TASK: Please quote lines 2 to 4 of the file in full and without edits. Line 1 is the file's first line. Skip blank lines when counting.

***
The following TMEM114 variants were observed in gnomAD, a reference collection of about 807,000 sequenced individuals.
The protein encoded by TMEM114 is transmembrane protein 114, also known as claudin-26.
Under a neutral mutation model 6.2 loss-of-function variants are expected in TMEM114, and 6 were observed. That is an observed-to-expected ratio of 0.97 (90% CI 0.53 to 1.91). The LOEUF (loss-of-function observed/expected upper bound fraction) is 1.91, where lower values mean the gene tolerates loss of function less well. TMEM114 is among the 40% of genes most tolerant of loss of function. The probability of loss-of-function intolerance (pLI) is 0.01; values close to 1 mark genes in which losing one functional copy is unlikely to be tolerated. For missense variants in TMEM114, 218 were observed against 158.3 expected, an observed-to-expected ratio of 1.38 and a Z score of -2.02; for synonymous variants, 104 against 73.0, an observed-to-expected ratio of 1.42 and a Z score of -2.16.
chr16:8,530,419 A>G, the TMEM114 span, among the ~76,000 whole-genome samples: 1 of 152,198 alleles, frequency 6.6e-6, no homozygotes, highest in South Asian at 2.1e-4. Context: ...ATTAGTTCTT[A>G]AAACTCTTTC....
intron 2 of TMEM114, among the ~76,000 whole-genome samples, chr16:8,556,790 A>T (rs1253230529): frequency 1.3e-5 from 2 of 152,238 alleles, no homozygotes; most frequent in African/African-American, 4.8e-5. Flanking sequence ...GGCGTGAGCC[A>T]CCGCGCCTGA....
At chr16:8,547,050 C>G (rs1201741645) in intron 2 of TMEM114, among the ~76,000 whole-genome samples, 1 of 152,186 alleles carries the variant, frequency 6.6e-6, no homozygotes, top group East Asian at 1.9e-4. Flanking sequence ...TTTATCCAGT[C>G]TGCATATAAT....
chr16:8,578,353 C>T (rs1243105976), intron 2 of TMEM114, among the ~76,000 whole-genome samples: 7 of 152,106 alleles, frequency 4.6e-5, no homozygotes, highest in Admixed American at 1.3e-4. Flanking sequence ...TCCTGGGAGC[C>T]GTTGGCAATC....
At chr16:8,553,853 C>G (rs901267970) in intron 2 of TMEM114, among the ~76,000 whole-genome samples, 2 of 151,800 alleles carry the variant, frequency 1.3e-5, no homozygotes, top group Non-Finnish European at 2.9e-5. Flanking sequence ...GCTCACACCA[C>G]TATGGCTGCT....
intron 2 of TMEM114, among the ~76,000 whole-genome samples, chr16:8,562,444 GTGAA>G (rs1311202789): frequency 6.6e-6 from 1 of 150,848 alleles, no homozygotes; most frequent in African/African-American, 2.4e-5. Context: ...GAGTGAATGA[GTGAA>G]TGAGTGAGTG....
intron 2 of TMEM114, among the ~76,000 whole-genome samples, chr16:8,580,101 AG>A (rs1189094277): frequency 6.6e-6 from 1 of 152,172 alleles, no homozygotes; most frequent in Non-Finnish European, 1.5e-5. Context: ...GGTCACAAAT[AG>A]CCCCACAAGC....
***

The protein encoded by TMEM114 is transmembrane protein 114, also known as claudin-26.
Under a neutral mutation model 6.2 loss-of-function variants are expected in TMEM114, and 6 were observed. That is an observed-to-expected ratio of 0.97 (90% CI 0.53 to 1.91). The LOEUF (loss-of-function observed/expected upper bound fraction) is 1.91, where lower values mean the gene tolerates loss of function less well. TMEM114 is among the 40% of genes most tolerant of loss of function. The probability of loss-of-function intolerance (pLI) is 0.01; values close to 1 mark genes in which losing one functional copy is unlikely to be tolerated. For missense variants in TMEM114, 218 were observed against 158.3 expected, an observed-to-expected ratio of 1.38 and a Z score of -2.02; for synonymous variants, 104 against 73.0, an observed-to-expected ratio of 1.42 and a Z score of -2.16.
chr16:8,530,419 A>G, the TMEM114 span, among the ~76,000 whole-genome samples: 1 of 152,198 alleles, frequency 6.6e-6, no homozygotes, highest in South Asian at 2.1e-4. Context: ...ATTAGTTCTT[A>G]AAACTCTTTC....